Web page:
Composition has changed since 1900s when obtrusion was invented as a concept: retroanalysis has emerged as a respectable discipline in its own right. Sir Jeremy Morse, writing much later, was an apologist for the old ways: what to him are "obtrusive" (horrible usage) and "obviously obtrusive" (horrible phrase) I feel can be more reasonably termed "nix" and "obtrusive". And Morse was only one writer: others have different perspectives.
Beyond "obtrusive", there are also issues about incomplete knowledge, especially when one consider multiple pawns. Does it matter if we can't track which original pawn promoted on a certain square? Probably not, but what are we identifying? How to match the promoted units against the captures of the same kind of officer? Also when are we making our observations? I think we should focus on the problem diagram, rather than looking at e.g. units which were phoenix, and later got captured so would also be C-F. Or "future C-F" where promoted officers are captured in the forward play. Later can maybe have a model which allows for examination through past and future, but the visual and judgemental nature of many of these ideas suggests that we should start with the diagram, where the aesthetics are primarily being applied.
But I haven't got Pronkin solved. To take your example, suppose in a proof game, one player loses both rooks, and then promotes one pawn to another rook, which visits both corner squares and then is captured. What combination of Phoenixes, Pronkins & C-F should one award? I think in this case it's 1 C-F, 0 Phoenixes, and 2 quasi-Pronkins (= a core term I've just invented, meaning a promoted unit visits a valid start square for its kind, irrespective of the fate of its original occupant.)
Does it really matter that the original rooks have been captured in order to celebrate the visitation of a promoted unit on a1 & h1? If not, then "quasi-Pronkin" is the core achievement being logged". Then "Pronkin" can be seen as a derived term which means quasi-Pronkin + the fact that original wRa1 had already been captured? (Although does it matter that Ra1 had *already* been captured? Suppose it was captured *after* the visit, as a subset of Prenix? All we really care about here is that we achieve standard material for diagram purposes.) When you look at it like this: quasi-Pronkin seems a sensible achievement to track; Pronkin appears now cumbersome and charged with an unnecessary constraint, but I certainly wouldn't ask to change it. Defining it as a derived achievement of other primitives is an elegant solution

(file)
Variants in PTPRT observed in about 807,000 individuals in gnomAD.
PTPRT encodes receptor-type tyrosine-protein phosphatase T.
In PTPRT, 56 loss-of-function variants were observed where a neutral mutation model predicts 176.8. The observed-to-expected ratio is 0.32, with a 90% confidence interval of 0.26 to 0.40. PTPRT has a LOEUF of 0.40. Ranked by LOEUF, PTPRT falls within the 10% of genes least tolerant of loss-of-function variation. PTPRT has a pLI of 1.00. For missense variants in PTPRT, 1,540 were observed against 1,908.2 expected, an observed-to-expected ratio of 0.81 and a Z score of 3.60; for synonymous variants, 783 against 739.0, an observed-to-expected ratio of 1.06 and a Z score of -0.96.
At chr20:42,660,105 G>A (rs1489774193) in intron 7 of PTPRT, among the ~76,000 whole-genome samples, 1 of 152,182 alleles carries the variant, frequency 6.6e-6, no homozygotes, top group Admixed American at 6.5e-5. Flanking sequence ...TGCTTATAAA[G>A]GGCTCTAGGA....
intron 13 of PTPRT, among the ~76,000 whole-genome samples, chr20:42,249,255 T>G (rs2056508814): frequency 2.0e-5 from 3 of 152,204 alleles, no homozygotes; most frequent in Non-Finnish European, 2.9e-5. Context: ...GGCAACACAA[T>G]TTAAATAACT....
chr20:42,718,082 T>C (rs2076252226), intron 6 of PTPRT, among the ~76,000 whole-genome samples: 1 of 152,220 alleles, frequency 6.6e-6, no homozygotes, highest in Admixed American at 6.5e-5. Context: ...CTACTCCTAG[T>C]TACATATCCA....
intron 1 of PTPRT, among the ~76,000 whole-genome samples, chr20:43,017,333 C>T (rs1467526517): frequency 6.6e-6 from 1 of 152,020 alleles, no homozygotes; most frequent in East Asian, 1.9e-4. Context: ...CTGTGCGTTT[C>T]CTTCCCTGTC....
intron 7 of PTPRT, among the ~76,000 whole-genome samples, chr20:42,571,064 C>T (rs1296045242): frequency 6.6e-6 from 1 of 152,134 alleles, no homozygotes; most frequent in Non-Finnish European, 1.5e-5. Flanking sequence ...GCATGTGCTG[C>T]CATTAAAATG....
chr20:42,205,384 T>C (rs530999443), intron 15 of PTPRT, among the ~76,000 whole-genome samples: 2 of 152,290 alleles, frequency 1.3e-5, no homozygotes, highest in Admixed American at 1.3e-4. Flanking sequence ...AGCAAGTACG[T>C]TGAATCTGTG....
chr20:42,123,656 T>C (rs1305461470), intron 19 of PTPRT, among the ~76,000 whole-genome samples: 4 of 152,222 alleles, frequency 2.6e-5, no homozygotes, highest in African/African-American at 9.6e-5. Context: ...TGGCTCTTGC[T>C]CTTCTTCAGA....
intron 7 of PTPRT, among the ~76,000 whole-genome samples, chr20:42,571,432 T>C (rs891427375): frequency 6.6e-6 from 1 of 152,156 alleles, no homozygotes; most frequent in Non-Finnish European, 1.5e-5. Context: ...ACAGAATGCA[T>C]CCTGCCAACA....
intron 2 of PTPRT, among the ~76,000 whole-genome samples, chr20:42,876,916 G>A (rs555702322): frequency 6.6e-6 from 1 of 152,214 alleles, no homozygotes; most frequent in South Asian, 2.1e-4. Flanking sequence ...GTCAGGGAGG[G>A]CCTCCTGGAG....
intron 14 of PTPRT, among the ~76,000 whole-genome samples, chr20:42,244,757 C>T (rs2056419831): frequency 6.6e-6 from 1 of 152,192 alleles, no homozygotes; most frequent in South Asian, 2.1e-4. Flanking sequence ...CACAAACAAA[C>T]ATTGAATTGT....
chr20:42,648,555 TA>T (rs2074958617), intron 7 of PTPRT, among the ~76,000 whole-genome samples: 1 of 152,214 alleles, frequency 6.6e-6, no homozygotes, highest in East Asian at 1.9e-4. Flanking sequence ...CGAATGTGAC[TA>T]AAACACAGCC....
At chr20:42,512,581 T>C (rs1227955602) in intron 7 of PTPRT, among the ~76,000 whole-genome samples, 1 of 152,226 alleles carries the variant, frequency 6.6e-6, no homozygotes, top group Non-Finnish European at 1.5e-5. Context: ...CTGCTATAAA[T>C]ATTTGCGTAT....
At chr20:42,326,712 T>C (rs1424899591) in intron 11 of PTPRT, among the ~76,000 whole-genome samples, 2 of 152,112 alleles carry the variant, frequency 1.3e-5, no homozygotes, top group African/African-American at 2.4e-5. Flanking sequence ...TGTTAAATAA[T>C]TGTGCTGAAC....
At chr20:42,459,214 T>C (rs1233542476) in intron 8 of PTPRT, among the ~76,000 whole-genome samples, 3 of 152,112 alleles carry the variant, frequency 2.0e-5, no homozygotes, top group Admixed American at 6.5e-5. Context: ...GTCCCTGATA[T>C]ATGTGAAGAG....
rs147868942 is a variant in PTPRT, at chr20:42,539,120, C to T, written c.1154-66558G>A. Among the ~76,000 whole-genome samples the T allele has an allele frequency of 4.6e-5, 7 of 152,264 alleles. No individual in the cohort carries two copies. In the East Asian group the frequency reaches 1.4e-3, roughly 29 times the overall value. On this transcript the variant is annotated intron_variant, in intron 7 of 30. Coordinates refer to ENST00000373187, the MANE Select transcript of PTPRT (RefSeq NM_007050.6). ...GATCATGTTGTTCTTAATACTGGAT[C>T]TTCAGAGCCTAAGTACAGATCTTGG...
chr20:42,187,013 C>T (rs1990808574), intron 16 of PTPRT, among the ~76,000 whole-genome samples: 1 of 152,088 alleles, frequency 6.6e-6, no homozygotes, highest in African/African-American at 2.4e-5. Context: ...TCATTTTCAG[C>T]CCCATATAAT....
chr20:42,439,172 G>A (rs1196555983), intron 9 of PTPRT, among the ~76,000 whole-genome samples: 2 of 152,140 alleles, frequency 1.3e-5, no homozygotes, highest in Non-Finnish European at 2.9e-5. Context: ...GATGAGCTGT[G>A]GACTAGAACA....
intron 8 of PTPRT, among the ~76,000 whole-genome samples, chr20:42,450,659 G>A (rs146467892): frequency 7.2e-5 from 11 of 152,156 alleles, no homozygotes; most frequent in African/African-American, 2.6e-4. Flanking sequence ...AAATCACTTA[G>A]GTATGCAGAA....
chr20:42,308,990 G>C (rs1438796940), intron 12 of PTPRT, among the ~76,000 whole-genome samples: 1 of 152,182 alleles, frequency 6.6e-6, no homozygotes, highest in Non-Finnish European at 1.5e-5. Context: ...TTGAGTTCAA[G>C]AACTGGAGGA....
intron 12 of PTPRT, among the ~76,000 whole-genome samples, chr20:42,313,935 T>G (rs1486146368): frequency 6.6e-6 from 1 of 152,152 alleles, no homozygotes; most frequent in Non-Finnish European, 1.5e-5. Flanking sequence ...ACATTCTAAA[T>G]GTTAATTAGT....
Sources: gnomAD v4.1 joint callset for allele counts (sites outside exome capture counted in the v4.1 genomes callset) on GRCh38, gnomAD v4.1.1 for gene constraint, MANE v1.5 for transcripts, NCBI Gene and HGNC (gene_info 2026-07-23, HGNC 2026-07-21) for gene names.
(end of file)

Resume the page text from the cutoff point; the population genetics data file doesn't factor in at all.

If anyone has a nice name to give the primitive "quasi-Pronkin", I would be grateful.
I don't want to lose the context in which historical problems were conceived, I enjoy the charm of old language, and I don't want to confuse people. Therefore while I'm happy to fill in holes, I am unwilling to change the meaning of any existing term, or the term of any existing meaning EXCEPT where what we have is already inconsistent or somehow offensive. Then it's fair game, imho.
|(3) Posted by Joost de Heer [Saturday, Jan 9, 2021 18:43]|
But I haven't got Pronkin solved. To take your example, suppose in a proof game, one player loses both rooks, and then promotes one pawn to another rook, which visits both corner squares and then is captured
https://pdb.dieschwalbe.de/P1000922 comes close (the rook isn't captured).
|(4) Posted by Hauke Reddmann [Sunday, Jan 10, 2021 10:58]|
@Andrew: if in doubt, make a graphic. In this case, a space-time
diagram (even on the danger that it begins to look like
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MatPlus.Net Forum General Nature of promotions